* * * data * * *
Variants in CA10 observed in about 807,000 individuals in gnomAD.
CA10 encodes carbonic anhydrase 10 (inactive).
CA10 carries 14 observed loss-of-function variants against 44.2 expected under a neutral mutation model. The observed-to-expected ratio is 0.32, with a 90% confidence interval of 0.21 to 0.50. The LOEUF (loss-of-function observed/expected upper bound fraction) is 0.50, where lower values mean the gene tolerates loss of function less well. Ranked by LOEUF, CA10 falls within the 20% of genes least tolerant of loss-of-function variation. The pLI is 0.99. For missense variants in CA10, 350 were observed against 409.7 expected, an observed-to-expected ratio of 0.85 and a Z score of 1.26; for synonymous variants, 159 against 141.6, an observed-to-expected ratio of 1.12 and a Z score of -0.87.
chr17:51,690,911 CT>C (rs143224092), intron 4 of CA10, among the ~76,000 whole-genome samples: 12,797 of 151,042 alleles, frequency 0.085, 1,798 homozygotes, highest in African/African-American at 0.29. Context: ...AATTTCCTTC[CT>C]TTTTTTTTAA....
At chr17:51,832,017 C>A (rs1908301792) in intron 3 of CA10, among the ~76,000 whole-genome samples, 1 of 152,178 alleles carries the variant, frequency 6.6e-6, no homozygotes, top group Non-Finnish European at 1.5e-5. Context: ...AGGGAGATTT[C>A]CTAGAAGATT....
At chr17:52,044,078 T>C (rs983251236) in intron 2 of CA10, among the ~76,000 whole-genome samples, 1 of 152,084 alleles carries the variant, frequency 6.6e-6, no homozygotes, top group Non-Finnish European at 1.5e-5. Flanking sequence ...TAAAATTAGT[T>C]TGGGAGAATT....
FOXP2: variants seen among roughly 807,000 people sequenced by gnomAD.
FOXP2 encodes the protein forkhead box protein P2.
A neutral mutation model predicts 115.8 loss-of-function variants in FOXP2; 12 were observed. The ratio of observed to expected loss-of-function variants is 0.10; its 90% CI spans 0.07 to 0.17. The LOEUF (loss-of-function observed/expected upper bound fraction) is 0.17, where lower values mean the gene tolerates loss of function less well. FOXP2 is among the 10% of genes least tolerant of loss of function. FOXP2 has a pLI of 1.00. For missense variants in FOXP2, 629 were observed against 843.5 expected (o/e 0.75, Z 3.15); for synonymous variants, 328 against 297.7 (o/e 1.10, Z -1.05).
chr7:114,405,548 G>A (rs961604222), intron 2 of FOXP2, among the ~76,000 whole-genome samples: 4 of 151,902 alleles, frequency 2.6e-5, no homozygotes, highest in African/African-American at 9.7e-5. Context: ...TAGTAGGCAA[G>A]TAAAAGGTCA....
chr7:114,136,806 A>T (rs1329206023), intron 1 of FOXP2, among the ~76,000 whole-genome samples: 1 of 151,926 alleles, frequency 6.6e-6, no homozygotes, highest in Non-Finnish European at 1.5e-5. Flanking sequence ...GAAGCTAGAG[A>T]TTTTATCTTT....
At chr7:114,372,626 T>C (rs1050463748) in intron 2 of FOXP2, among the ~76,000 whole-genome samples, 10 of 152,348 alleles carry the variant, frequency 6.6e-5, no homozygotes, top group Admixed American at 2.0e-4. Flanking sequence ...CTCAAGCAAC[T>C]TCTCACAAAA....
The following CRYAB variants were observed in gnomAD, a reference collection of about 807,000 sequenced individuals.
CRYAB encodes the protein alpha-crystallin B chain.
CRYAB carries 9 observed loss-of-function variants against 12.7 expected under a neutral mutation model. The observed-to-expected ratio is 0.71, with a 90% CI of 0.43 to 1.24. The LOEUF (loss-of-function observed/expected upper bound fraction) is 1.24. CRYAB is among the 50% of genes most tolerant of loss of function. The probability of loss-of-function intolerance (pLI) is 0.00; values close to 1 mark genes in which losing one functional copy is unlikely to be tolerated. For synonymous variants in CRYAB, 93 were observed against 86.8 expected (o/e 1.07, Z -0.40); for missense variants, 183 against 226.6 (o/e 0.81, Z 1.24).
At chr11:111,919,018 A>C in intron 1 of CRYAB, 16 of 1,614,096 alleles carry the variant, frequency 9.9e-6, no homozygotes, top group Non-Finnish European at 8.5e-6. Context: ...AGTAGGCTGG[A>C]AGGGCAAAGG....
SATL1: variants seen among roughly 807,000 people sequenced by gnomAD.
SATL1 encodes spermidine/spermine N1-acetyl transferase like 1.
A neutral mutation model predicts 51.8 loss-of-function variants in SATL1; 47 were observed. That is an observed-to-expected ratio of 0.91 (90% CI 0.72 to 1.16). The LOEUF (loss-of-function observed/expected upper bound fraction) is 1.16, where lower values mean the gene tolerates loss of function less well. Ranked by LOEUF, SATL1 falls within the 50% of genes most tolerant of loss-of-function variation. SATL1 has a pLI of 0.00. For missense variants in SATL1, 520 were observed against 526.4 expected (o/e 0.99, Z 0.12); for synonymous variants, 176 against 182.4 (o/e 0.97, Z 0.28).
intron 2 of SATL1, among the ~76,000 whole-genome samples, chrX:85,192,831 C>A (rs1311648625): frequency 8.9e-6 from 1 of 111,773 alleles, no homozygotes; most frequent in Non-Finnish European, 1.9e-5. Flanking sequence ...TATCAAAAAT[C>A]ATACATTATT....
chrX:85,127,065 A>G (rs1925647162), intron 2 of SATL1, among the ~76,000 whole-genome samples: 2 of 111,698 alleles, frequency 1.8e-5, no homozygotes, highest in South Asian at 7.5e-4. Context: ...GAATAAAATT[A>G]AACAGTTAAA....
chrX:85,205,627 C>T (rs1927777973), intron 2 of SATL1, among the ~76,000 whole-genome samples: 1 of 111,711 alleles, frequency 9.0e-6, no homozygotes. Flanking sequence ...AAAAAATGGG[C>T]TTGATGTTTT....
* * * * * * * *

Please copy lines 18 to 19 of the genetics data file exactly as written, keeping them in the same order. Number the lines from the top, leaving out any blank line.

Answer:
SATL1 encodes spermidine/spermine N1-acetyl transferase like 1.
A neutral mutation model predicts 51.8 loss-of-function variants in SATL1; 47 were observed. That is an observed-to-expected ratio of 0.91 (90% CI 0.72 to 1.16). The LOEUF (loss-of-function observed/expected upper bound fraction) is 1.16, where lower values mean the gene tolerates loss of function less well. Ranked by LOEUF, SATL1 falls within the 50% of genes most tolerant of loss-of-function variation. SATL1 has a pLI of 0.00. For missense variants in SATL1, 520 were observed against 526.4 expected (o/e 0.99, Z 0.12); for synonymous variants, 176 against 182.4 (o/e 0.97, Z 0.28).